Objective: To determine the relationship between progesterone receptor membrane component-1 (PGRMC1) expression and the outcome of IVF treatment. Design: A prospective study in which PGRMC1 messenger RNA (mRNA) levels, methylation status of the Pgrmc1 promoter, and the presence of point mutations within Pgrmc1 were obtained from granulosa (GC)/luteal cells of women undergoing controlled ovarian hyperstimulation (COH). Setting: Fertility center/basic science laboratory. Patient(s): Eighty-five patients undergoing IVF treatment and 10 women who were undergoing COH for the purpose of oocyte donation were included in this study. Intervention(s): None. Main Outcome Measure(s): The PGRMC1 measurements were correlated with clinical outcomes, such as number of follicles, number of retrieved oocytes, and ongoing pregnancy rates (PR). Result(s): The PGRMC1 mRNA levels within GC/luteal cells of 18% of IVF patients were >2.25-fold higher than those of oocyte donors. Individuals with elevated PGRMC1 mRNA levels had 30% fewer large follicles and fewer oocytes retrieved. The elevated PGRMC1 mRNA levels were associated with an increase in the methylation of Pgrmc1 promoter. Conclusion(s): In patients with elevated PGRMC1 mRNA levels, gonadotropin-induced follicle development is attenuated, although sufficient numbers of follicles develop to allow for ET and subsequent pregnancy. © 2012 American Society for Reproductive Medicine, Published by Elsevier Inc.


Datta D.,University of Health Center | Normandin E.,St Francis Hospital and Medical Center | Zuwallack R.,St Francis Hospital and Medical Center
Annals of Thoracic Medicine | Year: 2015

Dyspnea on exertion is a commonly encountered problem in clinical practice. It is usually investigated by resting tests such as pulmonary function tests and echocardiogram, which may at times can be non-diagnostic. Cardiopulmonary exercise testing (CPET) measures physiologic parameters during exercise which can enable accurate identification of the cause of dyspnea. Though CPET has been around for decades and provides valuable and pertinent physiologic information on the integrated cardiopulmonary responses to exercise, it remains underutilized. The objective of this review is to provide a comprehensible overview of the underlying principles of exercise physiology, indications and contraindications of CPET, methodology and interpretative strategies involved and thereby increase the understanding of the insights that can be gained from the use of CPET.


Berger N.,University of Health Center | Nichols J.,University of Health Center | Yap V.,University of Health Center | Datta D.,University of Health Center
Connecticut Medicine | Year: 2015

Spontaneous pneumomediastinum (SPM) is the presence of air in the mediastinum without any precipitating factor or predisposing disease. It is an uncommon, usually benign condition predominantly seen in young males. It typically presents with chest pain or dyspnea. It occurs after intrathoracic pressure changes leads to alveolar rupture and dissection of air along the tracheobronchial tree. It is reported to occur in 1/30,000 to 1/40,000 hospital admissions. Despite its low incidence, SPM should be considered in the differential diagnosis of acute chest pain or dyspnea in young patients. Diagnosis requires a high index of suspicion, as evidence of its occurrence may not be present on examination or chest X-ray. Patients with SPM respond well to medical treatment, with no recurrence in the majority of cases. We report a case of a young healthy male who developed a spontaneous pneumomediastinum and pneumopericardium while playing volleyball and did well with conservative management. © 2015, Connecticut State Medical Society. All rights reserved.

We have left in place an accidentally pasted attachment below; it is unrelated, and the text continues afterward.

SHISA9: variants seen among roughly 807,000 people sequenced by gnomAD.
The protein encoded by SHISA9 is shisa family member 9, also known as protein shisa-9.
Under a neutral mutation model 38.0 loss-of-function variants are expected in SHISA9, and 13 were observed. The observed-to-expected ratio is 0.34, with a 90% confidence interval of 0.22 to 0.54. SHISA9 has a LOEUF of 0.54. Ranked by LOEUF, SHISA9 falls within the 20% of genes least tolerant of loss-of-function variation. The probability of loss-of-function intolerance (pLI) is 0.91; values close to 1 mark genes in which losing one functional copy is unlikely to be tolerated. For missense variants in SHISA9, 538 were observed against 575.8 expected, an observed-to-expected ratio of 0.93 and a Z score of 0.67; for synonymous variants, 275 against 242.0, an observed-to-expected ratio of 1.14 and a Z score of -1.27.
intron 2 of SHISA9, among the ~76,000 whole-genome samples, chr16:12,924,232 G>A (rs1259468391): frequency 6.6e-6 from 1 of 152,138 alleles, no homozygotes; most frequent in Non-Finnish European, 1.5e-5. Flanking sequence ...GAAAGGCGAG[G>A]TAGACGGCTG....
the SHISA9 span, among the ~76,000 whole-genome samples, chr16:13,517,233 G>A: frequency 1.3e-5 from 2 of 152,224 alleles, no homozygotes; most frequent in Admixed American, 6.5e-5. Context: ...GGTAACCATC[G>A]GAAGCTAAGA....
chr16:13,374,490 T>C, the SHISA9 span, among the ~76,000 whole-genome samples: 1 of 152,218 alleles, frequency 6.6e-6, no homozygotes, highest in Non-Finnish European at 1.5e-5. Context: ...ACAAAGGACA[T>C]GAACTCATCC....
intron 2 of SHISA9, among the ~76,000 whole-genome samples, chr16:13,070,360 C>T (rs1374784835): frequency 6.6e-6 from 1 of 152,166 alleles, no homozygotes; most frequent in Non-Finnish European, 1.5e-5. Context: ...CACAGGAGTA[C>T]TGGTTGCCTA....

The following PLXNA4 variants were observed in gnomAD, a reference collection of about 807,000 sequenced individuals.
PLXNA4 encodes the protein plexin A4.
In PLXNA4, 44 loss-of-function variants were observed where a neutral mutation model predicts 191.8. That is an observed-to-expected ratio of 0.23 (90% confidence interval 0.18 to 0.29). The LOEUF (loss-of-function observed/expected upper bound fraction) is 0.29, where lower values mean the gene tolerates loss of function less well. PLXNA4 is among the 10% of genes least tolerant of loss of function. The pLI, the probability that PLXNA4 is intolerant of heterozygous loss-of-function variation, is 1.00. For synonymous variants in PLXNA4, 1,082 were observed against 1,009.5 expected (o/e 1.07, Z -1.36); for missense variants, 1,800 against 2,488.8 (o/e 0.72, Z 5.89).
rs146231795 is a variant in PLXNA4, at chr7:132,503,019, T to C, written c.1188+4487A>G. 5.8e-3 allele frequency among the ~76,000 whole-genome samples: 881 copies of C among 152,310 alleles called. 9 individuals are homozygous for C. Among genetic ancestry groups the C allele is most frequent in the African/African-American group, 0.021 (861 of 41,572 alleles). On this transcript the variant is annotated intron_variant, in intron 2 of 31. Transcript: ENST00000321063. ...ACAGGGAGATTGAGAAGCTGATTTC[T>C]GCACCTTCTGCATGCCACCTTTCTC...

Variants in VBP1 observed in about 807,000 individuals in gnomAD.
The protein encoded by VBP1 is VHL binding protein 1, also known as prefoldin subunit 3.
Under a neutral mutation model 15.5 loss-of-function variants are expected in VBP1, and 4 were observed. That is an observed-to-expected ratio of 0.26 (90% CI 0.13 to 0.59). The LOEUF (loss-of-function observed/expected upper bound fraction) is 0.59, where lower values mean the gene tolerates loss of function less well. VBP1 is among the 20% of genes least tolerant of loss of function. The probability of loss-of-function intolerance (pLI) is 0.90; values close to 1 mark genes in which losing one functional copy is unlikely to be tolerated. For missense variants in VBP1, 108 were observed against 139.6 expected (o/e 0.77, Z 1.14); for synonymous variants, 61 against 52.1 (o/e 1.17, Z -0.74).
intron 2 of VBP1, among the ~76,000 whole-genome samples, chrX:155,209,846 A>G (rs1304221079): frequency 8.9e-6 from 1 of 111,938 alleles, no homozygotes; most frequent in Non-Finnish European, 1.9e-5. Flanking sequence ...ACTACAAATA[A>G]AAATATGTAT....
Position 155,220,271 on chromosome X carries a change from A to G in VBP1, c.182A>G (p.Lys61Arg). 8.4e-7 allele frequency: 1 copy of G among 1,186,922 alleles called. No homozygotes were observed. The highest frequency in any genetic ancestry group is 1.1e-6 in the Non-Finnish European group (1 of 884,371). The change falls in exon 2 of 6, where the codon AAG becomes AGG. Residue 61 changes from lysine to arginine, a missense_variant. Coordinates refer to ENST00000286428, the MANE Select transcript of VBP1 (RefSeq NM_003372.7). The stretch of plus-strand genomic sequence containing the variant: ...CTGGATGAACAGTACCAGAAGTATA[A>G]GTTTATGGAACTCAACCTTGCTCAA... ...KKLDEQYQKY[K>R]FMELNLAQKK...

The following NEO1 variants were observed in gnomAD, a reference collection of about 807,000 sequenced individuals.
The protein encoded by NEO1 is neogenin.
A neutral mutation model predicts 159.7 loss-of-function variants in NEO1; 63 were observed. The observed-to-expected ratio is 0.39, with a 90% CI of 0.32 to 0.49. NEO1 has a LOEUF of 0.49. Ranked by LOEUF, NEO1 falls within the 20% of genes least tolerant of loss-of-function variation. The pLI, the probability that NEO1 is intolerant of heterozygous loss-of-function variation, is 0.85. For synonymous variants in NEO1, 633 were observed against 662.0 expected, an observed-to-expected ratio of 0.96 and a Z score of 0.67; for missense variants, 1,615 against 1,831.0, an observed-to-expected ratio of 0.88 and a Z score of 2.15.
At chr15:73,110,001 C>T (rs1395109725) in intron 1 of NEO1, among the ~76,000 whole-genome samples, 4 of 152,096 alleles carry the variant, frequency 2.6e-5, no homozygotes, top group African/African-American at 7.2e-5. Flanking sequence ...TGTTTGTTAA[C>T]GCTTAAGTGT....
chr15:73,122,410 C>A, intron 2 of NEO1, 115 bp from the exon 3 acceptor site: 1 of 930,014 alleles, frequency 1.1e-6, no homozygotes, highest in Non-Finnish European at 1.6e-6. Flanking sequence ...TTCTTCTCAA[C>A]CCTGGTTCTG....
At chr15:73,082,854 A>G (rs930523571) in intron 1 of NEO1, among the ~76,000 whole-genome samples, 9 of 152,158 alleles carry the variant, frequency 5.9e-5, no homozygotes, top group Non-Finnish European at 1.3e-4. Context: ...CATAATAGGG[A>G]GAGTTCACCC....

PubMed | University of Health Center
Type: Case Reports | Journal: The clinical respiratory journal | Year: 2016

Idiopathic pulmonary haemosiderosis (IPH) is a rare disorder of unknown cause characterised by haemoptysis, diffuse alveolar infiltrates and iron-deficiency anaemia. IPH predominantly affects children; it is rare in adults, in whom it usually manifests before 30 years. In adults, course is protracted with a better prognosis, in contrast to children. Even rarer is the Lane-Hamilton syndrome, a condition in which IPH is associated with celiac disease. Only 15 cases of Lane-Hamilton syndrome affecting adults are reported in literature. Treatment of IPH is based on anecdotal case reports and case series because of its rare occurrence. High-dose steroids reportedly reduce morbidity and mortality and delays or stops disease progression; more effectively in adults than children. In Lane-Hamilton syndrome, a gluten-free diet for the celiac disease in addition to steroids for IPH, is the mainstay of therapy. The optimal treatment duration of steroid therapy is not known but anecdotally a more prolonged course results in improved outcome. We report a case of a young woman who presented with exertional dyspnoea, intermittent haemoptysis, severe anaemia and lung infiltrates but no gastrointestinal complaints. After extensive work-up, she was diagnosed with Lane-Hamilton syndrome based on a diagnosis of IPH made from lung biopsy and concomitant celiac disease because of positive anti-gliadin antibody and endomyosial antibody and jejunal biopsy. She was treated with sustained low-dose steroid therapy for a year and a gluten-free diet with resolution of her symptoms, anaemia and lung infiltrates. At 4 years of follow-up, she remains stable, without recurrence.